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Ian Munro discusses the health of children when it comes to sport.
Like many youngsters around the country, our neighbour’s young man is in training for the coming Weetbix Tryathlon. Dad gets dragged out for the runs and the cycling and Mum is managing the swimming.
If you’re new to all this high-intensity training for this or similar events, how to fuel them best may well be a mystery. It’s important to give some thought to making sure they have enough on board for the demands of both the activity and the body’s own growth needs.
There will be a high calorie requirement to support the energy use and sizeable liquid intake to ensure they don’t become dehydrated.
A child is potentially more vulnerable to the effects of dehydration than an adult, particularly on hot summer days and especially days when there may also be a hot, dry wind. So, ensure they drink well before and after and have a liquid top-up every 20-30 minutes, whether or not they feel thirsty. A lightly sweetened, non-fizzy drink such as a sports drink is recommended. Avoid caffeine and ensure they don’t share their drink bottle.
Give some thought to food intake on the day of the event. It may be out of favour with many children these days, but porridge is a good source of carbohydrates, and a meal with food high in carbohydrates is important before any intensive activity. It’s possible to get porridge these days with a fruit content, which is a useful addition. Midday food could include pasta, rice or starchy food such as potatoes and bread. Include fruit and maybe white meat.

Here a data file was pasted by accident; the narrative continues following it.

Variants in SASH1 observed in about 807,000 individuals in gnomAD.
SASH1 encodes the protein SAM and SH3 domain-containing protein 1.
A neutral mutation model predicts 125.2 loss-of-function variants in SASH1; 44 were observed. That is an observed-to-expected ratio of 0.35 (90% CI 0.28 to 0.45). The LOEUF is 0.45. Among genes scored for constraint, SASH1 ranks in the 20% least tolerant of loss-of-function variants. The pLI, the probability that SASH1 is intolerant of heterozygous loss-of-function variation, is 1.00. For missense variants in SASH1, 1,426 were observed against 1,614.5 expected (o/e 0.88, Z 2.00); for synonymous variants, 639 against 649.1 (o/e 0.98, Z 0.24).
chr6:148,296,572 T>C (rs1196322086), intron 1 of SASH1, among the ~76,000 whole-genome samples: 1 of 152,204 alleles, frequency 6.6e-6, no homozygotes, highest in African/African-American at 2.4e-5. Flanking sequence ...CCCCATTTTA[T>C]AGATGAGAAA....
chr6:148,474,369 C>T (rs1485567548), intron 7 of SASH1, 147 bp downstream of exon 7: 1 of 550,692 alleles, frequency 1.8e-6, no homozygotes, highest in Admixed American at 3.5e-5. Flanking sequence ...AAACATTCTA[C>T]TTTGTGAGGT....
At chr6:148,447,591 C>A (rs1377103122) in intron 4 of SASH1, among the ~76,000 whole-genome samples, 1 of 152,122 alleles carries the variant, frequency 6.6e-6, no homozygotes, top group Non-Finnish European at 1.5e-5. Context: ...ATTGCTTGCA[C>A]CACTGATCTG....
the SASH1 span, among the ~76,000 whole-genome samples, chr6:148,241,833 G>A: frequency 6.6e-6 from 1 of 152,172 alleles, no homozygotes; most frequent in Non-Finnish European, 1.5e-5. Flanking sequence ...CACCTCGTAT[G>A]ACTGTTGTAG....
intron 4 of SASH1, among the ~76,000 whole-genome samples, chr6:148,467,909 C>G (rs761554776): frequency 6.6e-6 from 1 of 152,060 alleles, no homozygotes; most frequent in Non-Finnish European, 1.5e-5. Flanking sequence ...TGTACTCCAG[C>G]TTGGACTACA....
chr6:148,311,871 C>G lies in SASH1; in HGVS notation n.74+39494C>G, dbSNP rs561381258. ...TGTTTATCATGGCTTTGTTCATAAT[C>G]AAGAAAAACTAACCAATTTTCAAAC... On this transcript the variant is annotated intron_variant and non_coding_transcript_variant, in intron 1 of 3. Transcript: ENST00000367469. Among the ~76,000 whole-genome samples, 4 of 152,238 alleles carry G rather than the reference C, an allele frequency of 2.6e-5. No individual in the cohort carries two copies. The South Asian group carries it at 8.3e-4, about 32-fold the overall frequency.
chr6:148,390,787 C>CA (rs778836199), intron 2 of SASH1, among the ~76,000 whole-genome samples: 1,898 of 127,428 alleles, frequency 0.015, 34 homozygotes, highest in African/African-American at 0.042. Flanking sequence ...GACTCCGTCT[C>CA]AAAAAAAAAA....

Proteins help with muscle maintenance and a protein snack after the event, such as cheese or peanut butter sandwiches, milk or yoghurt, will help the body in its recovery. Trail mixes provide a good snack along the way.
That covers the day of the event, but it’s also important to consider the evening meal the night before. It’s advisable that it is also a meal that combines both carbohydrates and protein. For the above reason, don’t let them focus just on carbohydrates for their energy needs. It’s best to give the body a balanced fuel supply and this is where a pasta or rice meal with a variety of food such as a tomato and vegetable sauce or a salad would be good.
High fat content is not necessary, even for high-energy activities, and is best avoided in the meal or in snacks along the way. Go for low-fat foods.
And it’s not just summer sporting activity. Swimming and winter sports make similar demands on growing youngsters and the above advice applies equally. It can be easy to forget about dehydration in winter or in the pool.